Gigs, dance, art

May 14th, 2011: Wu Man


What can I say? Wu Man is amazing. She’d be on her own, but she played with musicians from Central Asia and that was even better. I think I had seen them before, but I’m not sure so I won’t wander and guess their names. The point is they all played in good faith and there was a magical moment where borders faded into irrelevance. Wu Man played a few songs solo, and these were great, then there was some Central Asian music where I was just sure I’d heard these guys before, they were so skilled yet that was nothing compared to when they played with Wu Man. Then it wasn’t about skill, they all had that. More about what each could bring to the table. It wasn’t always obvious, most of the time it was either Wu Man or the others, but when they played together at last that was a release and something special. I brought together worlds than had been kept separate for no reason.

It’s certainly not what I like best about Chinese music, and I like Kyrgyz music much better, but it made a lot of sense to bring these together. Wu Man definitely knows what she’s doing, and even though I don’t really like that side of the Chinese music tradition, she made her point that it belongs to it. And it’s such a rare thing that she could play with these guys like it was obvious they all belonged together. That’s how good she is, and that performance was something special just for all the untold things she made obvious. It’s all more than what just went on, and she conveyed as much by not playing at times. I’m still figuring out.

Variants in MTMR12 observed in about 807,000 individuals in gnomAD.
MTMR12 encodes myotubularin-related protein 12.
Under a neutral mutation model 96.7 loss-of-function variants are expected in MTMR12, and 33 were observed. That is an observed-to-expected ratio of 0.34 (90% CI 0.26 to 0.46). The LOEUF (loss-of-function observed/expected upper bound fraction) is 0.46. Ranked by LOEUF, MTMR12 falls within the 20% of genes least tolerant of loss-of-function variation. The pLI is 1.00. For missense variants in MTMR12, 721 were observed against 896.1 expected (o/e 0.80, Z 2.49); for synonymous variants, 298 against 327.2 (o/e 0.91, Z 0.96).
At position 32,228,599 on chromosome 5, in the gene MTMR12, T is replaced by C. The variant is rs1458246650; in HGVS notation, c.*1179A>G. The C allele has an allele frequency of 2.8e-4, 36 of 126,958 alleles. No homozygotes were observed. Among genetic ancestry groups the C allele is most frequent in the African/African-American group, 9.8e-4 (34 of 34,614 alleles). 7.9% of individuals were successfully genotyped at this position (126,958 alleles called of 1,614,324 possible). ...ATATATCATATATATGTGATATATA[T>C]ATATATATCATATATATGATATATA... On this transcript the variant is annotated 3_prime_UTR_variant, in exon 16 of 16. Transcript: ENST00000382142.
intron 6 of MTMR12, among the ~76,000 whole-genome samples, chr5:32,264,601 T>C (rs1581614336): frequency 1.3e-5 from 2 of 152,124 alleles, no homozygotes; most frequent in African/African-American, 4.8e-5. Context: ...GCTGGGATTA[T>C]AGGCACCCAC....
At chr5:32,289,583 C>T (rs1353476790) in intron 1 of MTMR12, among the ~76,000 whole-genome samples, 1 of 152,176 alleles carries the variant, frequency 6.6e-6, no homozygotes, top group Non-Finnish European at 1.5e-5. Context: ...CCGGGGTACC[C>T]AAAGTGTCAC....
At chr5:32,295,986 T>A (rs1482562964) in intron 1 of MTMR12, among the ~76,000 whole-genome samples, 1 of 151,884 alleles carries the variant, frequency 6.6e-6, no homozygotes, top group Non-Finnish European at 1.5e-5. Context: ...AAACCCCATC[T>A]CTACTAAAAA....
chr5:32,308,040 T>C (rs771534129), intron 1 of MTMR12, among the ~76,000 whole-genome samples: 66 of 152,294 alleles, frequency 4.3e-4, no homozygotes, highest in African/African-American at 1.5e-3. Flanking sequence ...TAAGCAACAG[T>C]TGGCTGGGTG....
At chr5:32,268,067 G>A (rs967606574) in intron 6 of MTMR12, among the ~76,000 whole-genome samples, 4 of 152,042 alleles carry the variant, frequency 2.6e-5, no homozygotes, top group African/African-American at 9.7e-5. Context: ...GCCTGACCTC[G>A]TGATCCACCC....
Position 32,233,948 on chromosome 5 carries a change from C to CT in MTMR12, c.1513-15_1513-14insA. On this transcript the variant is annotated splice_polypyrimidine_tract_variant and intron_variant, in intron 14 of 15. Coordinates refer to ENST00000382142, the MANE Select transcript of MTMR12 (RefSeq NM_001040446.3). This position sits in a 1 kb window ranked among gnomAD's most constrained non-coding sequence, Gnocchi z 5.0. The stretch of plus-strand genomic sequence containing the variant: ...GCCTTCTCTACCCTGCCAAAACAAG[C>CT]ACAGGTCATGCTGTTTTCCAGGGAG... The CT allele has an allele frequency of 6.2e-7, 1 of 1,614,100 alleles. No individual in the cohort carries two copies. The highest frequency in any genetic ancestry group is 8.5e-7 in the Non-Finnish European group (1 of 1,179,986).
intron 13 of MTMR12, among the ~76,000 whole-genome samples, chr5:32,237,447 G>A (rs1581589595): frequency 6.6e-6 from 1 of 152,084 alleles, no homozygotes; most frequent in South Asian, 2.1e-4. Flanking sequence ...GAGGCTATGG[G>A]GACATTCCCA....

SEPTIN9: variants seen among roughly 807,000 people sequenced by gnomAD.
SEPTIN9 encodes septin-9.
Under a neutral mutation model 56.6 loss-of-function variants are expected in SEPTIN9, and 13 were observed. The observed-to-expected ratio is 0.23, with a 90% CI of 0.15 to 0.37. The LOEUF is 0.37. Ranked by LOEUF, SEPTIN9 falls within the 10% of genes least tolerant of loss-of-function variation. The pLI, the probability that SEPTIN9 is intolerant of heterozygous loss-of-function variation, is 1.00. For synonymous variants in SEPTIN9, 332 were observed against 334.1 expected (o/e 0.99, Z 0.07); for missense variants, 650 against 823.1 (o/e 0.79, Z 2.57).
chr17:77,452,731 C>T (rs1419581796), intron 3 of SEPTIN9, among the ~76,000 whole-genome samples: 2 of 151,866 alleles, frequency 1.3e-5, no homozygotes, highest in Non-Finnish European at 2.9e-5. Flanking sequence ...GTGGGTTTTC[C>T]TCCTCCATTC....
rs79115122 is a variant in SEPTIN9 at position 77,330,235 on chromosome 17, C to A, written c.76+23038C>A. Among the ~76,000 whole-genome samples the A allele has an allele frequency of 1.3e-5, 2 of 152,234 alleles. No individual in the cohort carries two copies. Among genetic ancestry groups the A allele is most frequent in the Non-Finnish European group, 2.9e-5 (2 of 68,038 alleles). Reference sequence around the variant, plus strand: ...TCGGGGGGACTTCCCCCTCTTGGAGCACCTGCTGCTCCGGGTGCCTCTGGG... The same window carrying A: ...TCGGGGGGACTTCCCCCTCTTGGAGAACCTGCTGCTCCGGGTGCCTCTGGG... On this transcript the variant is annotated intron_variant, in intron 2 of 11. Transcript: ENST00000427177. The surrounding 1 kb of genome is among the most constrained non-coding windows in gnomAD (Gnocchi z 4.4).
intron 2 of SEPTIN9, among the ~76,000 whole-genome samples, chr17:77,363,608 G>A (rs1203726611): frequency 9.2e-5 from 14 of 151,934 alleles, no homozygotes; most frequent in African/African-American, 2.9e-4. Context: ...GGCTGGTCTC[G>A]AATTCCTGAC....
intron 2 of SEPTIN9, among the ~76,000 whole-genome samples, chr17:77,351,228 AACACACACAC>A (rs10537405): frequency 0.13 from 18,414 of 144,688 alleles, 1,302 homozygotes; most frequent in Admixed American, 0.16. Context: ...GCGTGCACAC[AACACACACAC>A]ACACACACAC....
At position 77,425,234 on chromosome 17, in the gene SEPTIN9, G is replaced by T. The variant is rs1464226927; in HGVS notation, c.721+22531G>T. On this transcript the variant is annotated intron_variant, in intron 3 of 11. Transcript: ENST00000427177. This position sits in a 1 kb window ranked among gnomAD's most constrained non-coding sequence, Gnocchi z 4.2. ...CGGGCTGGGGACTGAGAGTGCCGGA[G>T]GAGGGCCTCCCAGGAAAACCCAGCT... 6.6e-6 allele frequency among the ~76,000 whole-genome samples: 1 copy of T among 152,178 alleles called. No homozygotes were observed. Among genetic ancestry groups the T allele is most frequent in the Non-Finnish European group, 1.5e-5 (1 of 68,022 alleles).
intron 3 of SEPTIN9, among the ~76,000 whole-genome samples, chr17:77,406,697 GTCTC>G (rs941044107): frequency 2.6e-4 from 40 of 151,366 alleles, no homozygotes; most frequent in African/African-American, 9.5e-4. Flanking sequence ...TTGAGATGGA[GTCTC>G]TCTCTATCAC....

June 13, 2011 Posted by | Music | , | Leave a comment

November 24th, 2007: Wu Man


I was pleased and surprised to be able to get a ticket for this, but it turned out not to be sold out, which makes little sense to me. I only noticed recently that Wu Man played on Bang on a can’s recording of In C — a record with a FMU connection with Irene Trudel being involved. I had not even noticed the pipa at all. I had seen her play with Kronos though, and her having lived in Boston gave yet another connection to my interests. Seriously, I love the pipa. I really like its distinctive sound, and I think this instrument just looks great as well. I don’t get the chance very often, so this was too good to pass up.

The performance was really brilliant, and balanced as well. The first hour featured six solo pieces, both traditional songs and recent compositions. The latter were obviously using more of the range of the instrument, but even the simple songs were really good. Wu Man is quite simply an amazing musician. Her technique is flawless without sounding too technical.

Then Robert Schulz joined her on stage, first for a short solo piece on bongos, which was a nice change of pace. He’s definitely no dummy either. A real nice touch was that they then ended the set with a performance of Steve Reich’s Clapping Music, which I’m quite partial to, a deceptively simple process which he had the good idea to explain beforehand.

After a short break, both of them came back for a longer work for pipa and percussions composed by Chen Yi, with a simple video in the background that was pretty nice, with a lot of ink drawings and Chinese characters. Calligraphy can be great when it’s done well, though I guess not understanding what is written probably means I’m missing part of it. The music was interesting as well, though I had a hard time hearing the pipa at times; the percussions were drowning it out for short spells. But most of the time they were quieter and combined very well with the pipa.

November 25, 2007 Posted by | Music | , , | Leave a comment